An overlay in video editing is an image, video, or text that sits on top of a video. For example, if a video overlay is on top of another video, both videos would be playing simultaneously. If it were an image overlay, the video would be playing behind the image that is sitting on top of it.
When would you use a video overlay?
Using an overlay adds an additional visual element to a video. For instance, in a reaction video, the overlay video could be the original clip that the main or background video is reacting to. Text overlays can also help the viewer take in more info—with some input coming from the video audio, and then additional input from the overlaying words on the screen.
How do you create a video overlay?
Every video editing program or app is going to be different, so it’s best to consult the help pages or related support for your preferred tool. For me, I enjoy using Splice to quickly edit and upgrade videos on my phone. Splice also has an intuitive and easy-to-use overlay feature, which I’ll take you through now.
How to create a video overlay using the Splice mobile app
1. Gather your media assets
To get started, access an existing video already uploaded to Splice or click the “New project +” button to create something from scratch.
Whichever way you choose to go about creating your video overlay, you’re going to want to gather all of your elements and visual assets together on your device so that you can easily upload and add to Splice.
2. Add the overlay
Look at the toolbar at the bottom of your screen and select “overlay.” Once you do, you’ll be directed to your photo/video reel. Select the image or video you’d like to overlay on top of your video and click “add.”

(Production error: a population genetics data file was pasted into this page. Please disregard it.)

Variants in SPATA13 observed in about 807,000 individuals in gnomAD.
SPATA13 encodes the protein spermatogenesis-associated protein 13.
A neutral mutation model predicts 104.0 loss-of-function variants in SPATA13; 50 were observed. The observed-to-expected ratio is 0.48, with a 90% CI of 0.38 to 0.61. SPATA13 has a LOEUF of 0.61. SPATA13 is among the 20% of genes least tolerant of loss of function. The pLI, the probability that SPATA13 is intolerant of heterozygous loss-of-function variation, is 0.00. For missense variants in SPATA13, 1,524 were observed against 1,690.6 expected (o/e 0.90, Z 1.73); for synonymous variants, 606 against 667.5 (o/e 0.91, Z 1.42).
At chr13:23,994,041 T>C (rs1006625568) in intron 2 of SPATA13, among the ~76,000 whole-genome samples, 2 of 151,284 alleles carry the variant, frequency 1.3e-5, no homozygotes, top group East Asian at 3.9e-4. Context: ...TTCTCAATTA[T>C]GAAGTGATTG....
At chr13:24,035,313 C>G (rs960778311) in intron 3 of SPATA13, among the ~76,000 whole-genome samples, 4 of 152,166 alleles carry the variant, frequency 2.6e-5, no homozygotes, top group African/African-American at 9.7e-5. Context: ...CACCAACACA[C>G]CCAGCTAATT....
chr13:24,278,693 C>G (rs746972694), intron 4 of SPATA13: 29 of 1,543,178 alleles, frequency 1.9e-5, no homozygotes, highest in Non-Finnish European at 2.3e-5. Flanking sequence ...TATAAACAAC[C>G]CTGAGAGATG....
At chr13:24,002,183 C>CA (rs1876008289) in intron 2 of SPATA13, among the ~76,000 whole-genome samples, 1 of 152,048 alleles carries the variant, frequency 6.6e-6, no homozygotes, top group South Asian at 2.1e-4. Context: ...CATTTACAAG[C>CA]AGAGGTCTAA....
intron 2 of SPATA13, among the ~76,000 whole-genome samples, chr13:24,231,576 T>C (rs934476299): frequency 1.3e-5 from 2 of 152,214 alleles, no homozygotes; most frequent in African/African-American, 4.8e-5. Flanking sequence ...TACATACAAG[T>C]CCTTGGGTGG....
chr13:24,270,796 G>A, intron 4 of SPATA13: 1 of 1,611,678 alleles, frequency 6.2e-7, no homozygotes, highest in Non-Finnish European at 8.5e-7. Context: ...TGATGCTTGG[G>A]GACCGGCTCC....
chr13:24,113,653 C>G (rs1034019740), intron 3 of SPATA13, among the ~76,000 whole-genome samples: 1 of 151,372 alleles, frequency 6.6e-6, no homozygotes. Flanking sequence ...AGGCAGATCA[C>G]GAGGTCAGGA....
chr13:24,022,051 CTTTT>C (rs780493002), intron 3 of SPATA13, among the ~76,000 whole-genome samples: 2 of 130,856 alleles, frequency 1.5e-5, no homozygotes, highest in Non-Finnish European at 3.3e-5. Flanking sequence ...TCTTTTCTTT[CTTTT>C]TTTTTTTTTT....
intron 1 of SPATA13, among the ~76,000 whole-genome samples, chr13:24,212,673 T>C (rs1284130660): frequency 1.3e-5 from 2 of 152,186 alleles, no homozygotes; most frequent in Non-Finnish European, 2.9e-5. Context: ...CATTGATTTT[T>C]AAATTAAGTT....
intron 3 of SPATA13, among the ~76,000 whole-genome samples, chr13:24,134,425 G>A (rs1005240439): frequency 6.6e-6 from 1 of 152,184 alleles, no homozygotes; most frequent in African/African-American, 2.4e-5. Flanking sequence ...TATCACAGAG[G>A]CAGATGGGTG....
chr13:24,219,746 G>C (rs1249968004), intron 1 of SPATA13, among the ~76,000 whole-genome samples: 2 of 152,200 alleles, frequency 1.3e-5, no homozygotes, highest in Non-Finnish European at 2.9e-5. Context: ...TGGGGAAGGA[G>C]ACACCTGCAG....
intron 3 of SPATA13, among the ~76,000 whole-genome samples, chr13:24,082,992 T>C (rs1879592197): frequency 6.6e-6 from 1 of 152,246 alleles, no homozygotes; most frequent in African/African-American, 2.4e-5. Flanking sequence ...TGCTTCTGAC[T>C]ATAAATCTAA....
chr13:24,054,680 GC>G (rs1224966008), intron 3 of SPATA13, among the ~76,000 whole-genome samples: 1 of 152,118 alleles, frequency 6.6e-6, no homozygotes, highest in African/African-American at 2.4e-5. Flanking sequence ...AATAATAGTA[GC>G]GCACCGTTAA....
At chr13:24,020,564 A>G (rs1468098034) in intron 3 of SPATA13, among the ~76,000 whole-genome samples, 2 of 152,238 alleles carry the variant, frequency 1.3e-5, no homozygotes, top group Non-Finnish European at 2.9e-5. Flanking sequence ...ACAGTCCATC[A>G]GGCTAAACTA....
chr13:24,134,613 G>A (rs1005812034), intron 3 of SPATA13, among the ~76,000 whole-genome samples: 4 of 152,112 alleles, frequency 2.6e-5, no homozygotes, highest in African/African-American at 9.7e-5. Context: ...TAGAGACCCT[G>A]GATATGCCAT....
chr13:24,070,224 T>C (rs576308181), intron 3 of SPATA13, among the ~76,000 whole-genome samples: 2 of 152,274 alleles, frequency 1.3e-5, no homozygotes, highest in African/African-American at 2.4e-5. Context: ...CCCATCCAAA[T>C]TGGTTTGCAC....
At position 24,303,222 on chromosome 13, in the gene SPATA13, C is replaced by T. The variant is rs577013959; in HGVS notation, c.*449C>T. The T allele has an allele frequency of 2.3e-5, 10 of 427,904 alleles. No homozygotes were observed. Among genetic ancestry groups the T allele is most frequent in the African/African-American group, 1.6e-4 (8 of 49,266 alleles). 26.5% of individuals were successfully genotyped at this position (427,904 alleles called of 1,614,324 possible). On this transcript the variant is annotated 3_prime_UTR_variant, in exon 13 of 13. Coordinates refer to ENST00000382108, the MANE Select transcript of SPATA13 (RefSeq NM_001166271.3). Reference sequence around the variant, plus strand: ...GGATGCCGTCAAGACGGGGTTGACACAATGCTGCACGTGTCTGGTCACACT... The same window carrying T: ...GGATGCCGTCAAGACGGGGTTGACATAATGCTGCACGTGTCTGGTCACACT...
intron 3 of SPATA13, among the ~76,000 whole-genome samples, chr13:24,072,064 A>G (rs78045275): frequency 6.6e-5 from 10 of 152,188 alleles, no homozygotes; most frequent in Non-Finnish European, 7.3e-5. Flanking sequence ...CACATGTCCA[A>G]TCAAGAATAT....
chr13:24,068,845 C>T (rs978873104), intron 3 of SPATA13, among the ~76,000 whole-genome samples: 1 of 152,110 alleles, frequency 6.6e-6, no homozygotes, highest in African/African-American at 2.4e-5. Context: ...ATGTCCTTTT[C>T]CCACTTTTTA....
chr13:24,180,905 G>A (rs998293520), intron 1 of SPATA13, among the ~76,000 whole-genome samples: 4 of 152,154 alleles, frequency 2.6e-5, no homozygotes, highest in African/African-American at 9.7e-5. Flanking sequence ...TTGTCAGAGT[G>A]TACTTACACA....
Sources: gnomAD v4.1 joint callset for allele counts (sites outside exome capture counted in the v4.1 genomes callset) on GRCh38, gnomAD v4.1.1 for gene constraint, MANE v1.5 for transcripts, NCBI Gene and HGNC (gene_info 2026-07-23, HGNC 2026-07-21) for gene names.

Now, you’ll see your original video track, but you’ll also see your new media in blue in an additional track on top of the video. In the preview screen, you’ll also see the media sitting on top of the video.
3. Make sizing and placement adjustments
Now that you have your two media pieces together in the same project, you can make adjustments to your overlay and visual.
For example, let’s say I’m doing a Canva tutorial on TikTok. I have my original video here of this cute dog on Canva, however, the menus on the left are cut off in order to maximize my screen space with the main video element. This makes it difficult to walk users through the tutorial if I’m referencing things like editing and design tools that can’t be on screen.
But with the overlay, I can place an image of the thing I’m referencing right on top of the video so that the video can play, I can give the instruction, and the overlay can show what I’m talking about.
In terms of making adjustments, you can shrink or enlarge the overlaying image with a simple pinch just like you’d to when zooming in and out on a photo. You can also easily drag the image around the screen for placement wherever you wish.
As you can see in the above, I’ve shrunk my overlaying image and have moved it to the left side of the screen to not cover the dog but to also be plenty visible when I need it to be.
4. Edit for duration
Next, you’ll also want to edit the duration of the overlay—that is, deciding when the overlay will appear, how long it will stay on screen, and when it will disappear.
By default per the steps above, the overlay will be added to wherever your editing cursor is at the time of hitting the “overlay” option. In my case, I was at the beginning of my original video, so the overlaying image was also added to the beginning.
If you want the overlay to appear at a later time, simply long-press the blue element until the color turns orange. You’ll also feel the reverberation just like when you drag-and-drop iPhone apps across your screen. Now can simply drag the overlaying image wherever you’d like.
Here I’ve moved the overlay to about the 11-second mark.
Next, we will want to decide how long we want the image to stay on-screen. To do this, just grab the left or right arrows at the beginning and end of the image track and drag to the right to extend the length toward the end of the video.
And that’s it! Happy video editing.